I loved Lego. I built the most amazing houses when I was a kid. Sprawling suburban 4 bedroom homes with open-concept living/dining, breakfast nooks, and walk-in-closets. I made big screen TVs out of Lego windows; sectional sofas looked cozy and inviting, peninsulas jutted from spacious kitchens, bar stools lined up neatly. A tree-lined driveway and a fenced-in-yard.
I didn't construct fighter jets, but rather passenger planes, complete with flight crew serving terrible little Lego meals. I was a realist with my toys, rarely delving too deeply into a world I didn't know. I didn't build castles or dragons, instead I forged a desk phone out of tiny black pieces. I built a flower shop for my homeowner to work in, and a lovely economy-class car to take her there. I would stand at the table my Dad built for me for hours and days on end, waking up at 6am to get back to the little lives I had tucked into bed the night before. The kids would go to school, the family would throw dinner parties or cut the lawn, perhaps reorganize the living room furniture on a Sunday afternoon. A normal family living a terribly normal life.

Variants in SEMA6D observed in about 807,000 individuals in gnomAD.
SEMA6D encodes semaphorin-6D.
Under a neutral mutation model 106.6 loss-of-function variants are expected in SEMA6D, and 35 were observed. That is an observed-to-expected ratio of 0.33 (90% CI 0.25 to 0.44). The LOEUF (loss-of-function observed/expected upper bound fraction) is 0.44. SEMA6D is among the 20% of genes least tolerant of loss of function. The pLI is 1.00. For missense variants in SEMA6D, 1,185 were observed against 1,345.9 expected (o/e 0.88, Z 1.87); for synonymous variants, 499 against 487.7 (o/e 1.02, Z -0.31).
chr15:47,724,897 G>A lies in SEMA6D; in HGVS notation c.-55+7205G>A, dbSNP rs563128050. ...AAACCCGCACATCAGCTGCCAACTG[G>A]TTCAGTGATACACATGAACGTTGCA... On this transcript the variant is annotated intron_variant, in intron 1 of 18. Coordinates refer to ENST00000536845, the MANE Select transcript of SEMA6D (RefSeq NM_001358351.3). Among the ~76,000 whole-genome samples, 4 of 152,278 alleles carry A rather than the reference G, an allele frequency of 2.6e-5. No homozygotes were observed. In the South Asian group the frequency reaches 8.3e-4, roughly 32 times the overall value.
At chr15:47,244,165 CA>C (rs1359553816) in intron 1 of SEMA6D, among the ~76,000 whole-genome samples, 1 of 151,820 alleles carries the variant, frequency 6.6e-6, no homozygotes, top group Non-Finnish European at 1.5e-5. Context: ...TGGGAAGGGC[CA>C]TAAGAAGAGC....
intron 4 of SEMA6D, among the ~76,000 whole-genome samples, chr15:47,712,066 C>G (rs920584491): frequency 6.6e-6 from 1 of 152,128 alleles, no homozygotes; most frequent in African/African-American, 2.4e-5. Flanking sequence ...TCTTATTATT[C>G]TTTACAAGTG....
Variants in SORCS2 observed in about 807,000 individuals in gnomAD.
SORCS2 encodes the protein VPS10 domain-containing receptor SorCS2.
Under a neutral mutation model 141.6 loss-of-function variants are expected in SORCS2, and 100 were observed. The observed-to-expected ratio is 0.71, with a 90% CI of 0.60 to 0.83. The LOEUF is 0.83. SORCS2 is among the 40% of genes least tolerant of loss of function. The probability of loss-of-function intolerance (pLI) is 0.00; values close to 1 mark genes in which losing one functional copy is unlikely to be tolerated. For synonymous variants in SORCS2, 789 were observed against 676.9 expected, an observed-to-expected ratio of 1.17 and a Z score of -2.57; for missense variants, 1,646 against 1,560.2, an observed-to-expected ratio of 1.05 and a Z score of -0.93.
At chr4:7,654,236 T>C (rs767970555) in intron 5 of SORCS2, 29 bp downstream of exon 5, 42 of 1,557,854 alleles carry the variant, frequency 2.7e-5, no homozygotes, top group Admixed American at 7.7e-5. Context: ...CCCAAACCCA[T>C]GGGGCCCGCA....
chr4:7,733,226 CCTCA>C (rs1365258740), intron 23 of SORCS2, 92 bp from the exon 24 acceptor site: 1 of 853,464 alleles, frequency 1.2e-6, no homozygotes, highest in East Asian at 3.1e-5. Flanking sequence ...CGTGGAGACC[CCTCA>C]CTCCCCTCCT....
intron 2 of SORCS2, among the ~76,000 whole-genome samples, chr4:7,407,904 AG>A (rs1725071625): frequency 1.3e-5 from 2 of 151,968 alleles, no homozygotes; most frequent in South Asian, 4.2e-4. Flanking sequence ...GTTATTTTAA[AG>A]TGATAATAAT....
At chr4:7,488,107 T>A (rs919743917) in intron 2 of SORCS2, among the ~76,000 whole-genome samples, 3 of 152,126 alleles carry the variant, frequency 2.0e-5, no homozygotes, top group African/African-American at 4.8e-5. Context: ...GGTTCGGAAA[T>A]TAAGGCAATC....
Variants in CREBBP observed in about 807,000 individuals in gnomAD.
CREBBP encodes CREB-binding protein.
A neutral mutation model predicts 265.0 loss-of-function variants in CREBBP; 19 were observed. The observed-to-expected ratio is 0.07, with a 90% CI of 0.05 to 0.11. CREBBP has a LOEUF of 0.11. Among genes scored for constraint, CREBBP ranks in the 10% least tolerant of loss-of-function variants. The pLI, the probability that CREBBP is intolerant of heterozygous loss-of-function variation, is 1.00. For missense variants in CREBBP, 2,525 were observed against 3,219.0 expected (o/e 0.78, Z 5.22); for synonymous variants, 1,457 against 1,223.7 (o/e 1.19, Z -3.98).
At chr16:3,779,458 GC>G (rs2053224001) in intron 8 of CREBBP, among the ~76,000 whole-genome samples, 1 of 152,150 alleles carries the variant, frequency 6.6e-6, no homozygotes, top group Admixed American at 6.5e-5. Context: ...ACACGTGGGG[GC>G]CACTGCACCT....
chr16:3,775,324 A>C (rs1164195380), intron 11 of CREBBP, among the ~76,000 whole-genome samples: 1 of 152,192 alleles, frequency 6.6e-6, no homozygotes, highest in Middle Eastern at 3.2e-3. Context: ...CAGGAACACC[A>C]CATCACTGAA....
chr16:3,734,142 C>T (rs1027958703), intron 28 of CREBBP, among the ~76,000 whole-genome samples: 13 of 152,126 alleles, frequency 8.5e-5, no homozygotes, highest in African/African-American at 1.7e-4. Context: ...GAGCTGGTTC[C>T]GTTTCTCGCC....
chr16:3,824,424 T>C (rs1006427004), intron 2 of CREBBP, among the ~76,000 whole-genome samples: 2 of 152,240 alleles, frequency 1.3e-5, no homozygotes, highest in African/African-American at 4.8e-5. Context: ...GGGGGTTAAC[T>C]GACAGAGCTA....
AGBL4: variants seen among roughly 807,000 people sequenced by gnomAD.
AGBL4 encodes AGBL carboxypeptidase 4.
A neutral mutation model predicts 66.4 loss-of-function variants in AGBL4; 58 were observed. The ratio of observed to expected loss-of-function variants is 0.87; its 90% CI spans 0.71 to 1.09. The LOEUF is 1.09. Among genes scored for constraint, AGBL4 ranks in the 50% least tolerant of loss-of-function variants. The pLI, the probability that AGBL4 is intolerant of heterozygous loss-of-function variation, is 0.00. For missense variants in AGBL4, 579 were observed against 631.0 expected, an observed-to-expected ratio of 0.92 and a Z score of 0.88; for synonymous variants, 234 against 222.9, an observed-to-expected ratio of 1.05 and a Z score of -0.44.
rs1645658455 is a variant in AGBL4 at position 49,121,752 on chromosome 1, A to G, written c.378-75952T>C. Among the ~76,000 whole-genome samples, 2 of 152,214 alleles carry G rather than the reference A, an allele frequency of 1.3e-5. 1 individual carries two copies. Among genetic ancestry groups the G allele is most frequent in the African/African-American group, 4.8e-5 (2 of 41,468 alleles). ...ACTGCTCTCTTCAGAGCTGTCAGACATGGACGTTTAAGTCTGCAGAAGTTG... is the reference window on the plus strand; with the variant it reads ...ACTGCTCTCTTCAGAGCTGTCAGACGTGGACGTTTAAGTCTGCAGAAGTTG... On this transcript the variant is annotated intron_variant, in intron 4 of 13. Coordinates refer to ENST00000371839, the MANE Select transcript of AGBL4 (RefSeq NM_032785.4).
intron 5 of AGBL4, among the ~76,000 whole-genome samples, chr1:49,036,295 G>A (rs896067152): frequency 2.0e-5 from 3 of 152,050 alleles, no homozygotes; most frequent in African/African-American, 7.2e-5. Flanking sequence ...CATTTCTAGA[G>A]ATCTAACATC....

Once in a while I'd put them through some sort of turmoil - A tornado or an earthquake, perhaps home invasion. I'd tear down a wall or drive the economy-class car through the kitchen like when Stephanie Tanner drove Uncle Joey's. Mostly these were excuses to remodel the house, but I had a series of irrational fears as a child (see: tornadoes, earthquakes, and home invasion), so perhaps getting my tiny family through assured me I'd be okay too, you know, should the Gulf War head west or the San Francisco quake of '89 somehow affect us.
As I sit here thinking of my play-ways, I remember so much, so clearly. So many of my daily games were inspired by sitcoms of the 80s. If I was getting bored, I'd create a role for someone new. My toys jumped the shark by adopting a teenage runaway or winning the lottery like Roseanne, replacing an old house with something shiny and new. Who's The Boss played a major role in my childhood; Lego people were often named Tony, or Angela, Jonathan or Mona Robinson. My playtime plots always followed the same storylines; it was no coincidence that when Mike Seaver on Growing Pains moved into the apartment over the garage, my Lego family quickly followed suit, before forcing their fat daughter to cut back on the sweets.
I suppose you didn't need more evidence that I was a crazy person as a child. But there it is.